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Encyclopedia > Energy drink

Contents

Ingredients

Generally energy drinks include methylxanthines (including caffeine), B vitamins, and herbs. Other common ingredients are guarana (extracts from the guarana plant) or taurine plus various forms of ginseng, maltodextrin (a sweetening), inositol, carnitine, creatine, glucuronolactone and ginkgo biloba. Some contain high levels of sugar, while most brands also offer an artificially sweetened version. The central ingredient in most energy drinks is caffeine, the same stimulant found in coffee or tea, often in the form of guarana (as in Josta) or yerba mate. The average 237 milliliter (8 fluid ounce) energy drink has about 80 mg of caffeine, with 480 ml (16 fl. oz.) drinks containing around 150 mg, although more recently, drinks containing as much as 400 mg of caffeine (such as Burn) have been marketed. Xanthines are a group of alkaloids that are commonly used for their effects as mild stimulants and as bronchodilators, notably in treating the symptoms of asthma. ... For other uses, see Caffeine (disambiguation). ... Vitamin B is a complex of several vitamins. ... For other uses, see Herb (disambiguation). ... Binomial name Kunth Guarana (Brazillian name guaraná) (IPA: , or ), Paullinia cupana (syn. ... Taurine, or 2-aminoethanesulfonic acid, is an organic acid. ... Species Subgenus Panax Section Panax Series Notoginseng Panax notoginseng Series Panax Panax bipinnatifidus Panax ginseng Panax japonicus Panax quinquefolius Panax vietnamensis Panax wangianus Panax zingiberensis Section Pseudoginseng Panax pseudoginseng Panax stipuleanatus Subgenus Trifolius Panax trifolius Ginseng field in Wisconsin Ginseng refers to species within Panax, a genus of 11 species... Maltodextrin is a moderately sweet polysaccharide used as a food additive, unrelated to barley malt. ... Inositol, (of which the most prominent naturally-occurring form is myo-inositol, cis-1,2,3,5-trans-4,6-cyclohexanehexol), is a carbocyclic polyol that plays an important role as the structural basis for a number of secondary messengers in eukaryotic cells, including inositol phosphates, phosphatidylinositol (PI) and phosphatidylinositol... This article or section contains information that has not been verified and thus might not be reliable. ... For the use of creatine to enhance athletic performance, please see Creatine supplements. ... Glucuronolactone is a naturally occurring chemical compound produced by the metabolism of glucose in the human liver. ... Binomial name Ginkgo biloba L. The Ginkgo (Ginkgo biloba), sometimes also known as the Maidenhair tree, is a unique tree with no living relatives. ... This article is about sugar as food and as an important and widely-traded commodity. ... For other uses, see Caffeine (disambiguation). ... For other uses, see Coffee (disambiguation). ... For other uses, see Tea (disambiguation). ... Binomial name Kunth Guarana (Brazillian name guaraná) (IPA: , or ), Paullinia cupana (syn. ... Josta is a soft drink brand that was produced by PepsiCo. ... Binomial name A. St. ... For other uses, see Caffeine (disambiguation). ...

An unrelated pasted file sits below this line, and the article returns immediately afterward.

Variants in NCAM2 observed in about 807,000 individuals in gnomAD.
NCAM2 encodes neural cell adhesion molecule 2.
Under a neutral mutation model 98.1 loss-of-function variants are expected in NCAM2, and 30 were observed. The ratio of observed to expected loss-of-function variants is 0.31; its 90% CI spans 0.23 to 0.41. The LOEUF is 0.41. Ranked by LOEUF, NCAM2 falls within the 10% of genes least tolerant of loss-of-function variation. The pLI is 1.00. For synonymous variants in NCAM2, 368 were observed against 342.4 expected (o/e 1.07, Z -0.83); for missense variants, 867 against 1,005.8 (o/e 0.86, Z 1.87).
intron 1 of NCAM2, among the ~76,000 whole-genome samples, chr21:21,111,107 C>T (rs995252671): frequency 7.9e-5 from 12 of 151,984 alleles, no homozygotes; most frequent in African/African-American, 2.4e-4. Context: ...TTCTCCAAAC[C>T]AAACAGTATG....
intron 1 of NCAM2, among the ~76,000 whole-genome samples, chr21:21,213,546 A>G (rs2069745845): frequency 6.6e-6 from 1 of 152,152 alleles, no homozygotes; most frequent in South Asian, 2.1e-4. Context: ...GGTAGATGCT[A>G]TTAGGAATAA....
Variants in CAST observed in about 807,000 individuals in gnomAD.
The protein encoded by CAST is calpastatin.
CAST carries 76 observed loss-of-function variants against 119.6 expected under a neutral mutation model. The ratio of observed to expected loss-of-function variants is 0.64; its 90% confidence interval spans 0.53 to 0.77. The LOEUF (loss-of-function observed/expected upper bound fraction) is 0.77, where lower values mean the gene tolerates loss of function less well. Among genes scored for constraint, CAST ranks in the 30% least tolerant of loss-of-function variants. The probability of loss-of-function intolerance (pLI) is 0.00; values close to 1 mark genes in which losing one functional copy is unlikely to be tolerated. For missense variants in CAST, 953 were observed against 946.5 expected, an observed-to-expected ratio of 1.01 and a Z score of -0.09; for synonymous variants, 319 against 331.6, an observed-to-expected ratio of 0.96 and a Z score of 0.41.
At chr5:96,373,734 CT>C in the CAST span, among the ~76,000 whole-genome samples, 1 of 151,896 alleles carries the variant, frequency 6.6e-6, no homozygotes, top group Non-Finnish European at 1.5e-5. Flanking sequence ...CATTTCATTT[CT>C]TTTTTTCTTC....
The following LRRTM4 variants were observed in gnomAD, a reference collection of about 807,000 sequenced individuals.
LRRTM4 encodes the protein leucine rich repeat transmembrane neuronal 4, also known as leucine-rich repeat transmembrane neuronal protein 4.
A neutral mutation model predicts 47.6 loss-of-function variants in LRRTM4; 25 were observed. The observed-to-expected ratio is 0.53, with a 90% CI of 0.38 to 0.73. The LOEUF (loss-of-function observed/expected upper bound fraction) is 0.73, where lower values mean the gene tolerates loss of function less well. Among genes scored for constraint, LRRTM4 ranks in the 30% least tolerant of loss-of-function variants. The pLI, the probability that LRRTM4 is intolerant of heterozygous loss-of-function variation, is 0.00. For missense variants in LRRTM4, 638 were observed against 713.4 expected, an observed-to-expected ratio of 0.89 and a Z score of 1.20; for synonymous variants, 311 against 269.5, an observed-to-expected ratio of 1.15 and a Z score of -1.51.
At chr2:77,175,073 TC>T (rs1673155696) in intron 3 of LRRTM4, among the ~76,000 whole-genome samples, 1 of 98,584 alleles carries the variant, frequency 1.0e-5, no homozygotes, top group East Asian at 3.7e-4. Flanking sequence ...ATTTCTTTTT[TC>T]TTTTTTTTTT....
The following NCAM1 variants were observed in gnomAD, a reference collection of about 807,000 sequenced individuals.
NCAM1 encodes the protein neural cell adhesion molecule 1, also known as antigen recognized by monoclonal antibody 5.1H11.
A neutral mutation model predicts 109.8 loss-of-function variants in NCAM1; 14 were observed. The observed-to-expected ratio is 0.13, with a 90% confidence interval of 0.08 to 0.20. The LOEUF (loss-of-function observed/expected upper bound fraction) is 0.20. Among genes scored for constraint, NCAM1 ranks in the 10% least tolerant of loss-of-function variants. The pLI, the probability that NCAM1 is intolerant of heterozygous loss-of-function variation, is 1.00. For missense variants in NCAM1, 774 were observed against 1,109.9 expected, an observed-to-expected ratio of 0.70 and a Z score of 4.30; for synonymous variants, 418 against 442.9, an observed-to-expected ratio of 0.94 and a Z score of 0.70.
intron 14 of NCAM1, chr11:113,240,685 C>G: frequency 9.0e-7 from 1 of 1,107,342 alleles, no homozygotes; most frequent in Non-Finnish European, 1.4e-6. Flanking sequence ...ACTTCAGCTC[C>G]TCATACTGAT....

Side effects

Energy drinks may cause seizures in those who suffer from certain forms of epilepsy due to the "crash" following the energy high that occurs after consumption.[1] France banned the popular energy drink Red Bull after the death of eighteen-year-old athlete Ross Cooney, who died after he played a basketball game after consuming four cans of the drink.[2] The French Scientific Committee (J.D. Birkel) concluded that Red Bull has excessive amounts of caffeine.[2] Denmark also banned Red Bull. Britain investigated the drink, but only issued a warning against its use by pregnant women.[2] This article is about the medical condition. ... For other uses, see Red Bull (disambiguation). ...


Health concerns

Energy drinks raise many health concern, and several deaths have been linked to heavy energy drink consumption. [3]


Consumption of large amounts of caffeine can be hazardous. Energy drinks contain caffeine ranging from 80 to 360 mgs per drink. According to a recent study, an adult can consume up to 400 mgs per day without adverse health effects, while children and women of reproductive age should limit their consumption of caffeine to 300 mg per day. [4] This threshold can easily be reached by consuming multiple drinks within a day. Unhealthy doses of caffeine can lead to nervousness, irritability, anxiety, tremulousness, muscle twitching (hyperreflexia), insomnia, headaches and respiratory alkalosis. [5]


Energy drinks are often used as a mixer with alcohol, a popular combination being Red Bull with vodka. Combining energy drinks and alcohol can lead to several problems. Both alcohol and energy drinks dehydrate the body. Since dehydration is a contributor to hangovers, mixing these substances increases the likelihood of hangovers.[6] Second, consumption of energy drinks obscures ones perception of fatigue from drinking, one indicator of excess alcohol consumption. Consequently, the mixing of substances can increase the amount of alcohol consumed.[7] For other uses, see Hangover (disambiguation). ...


History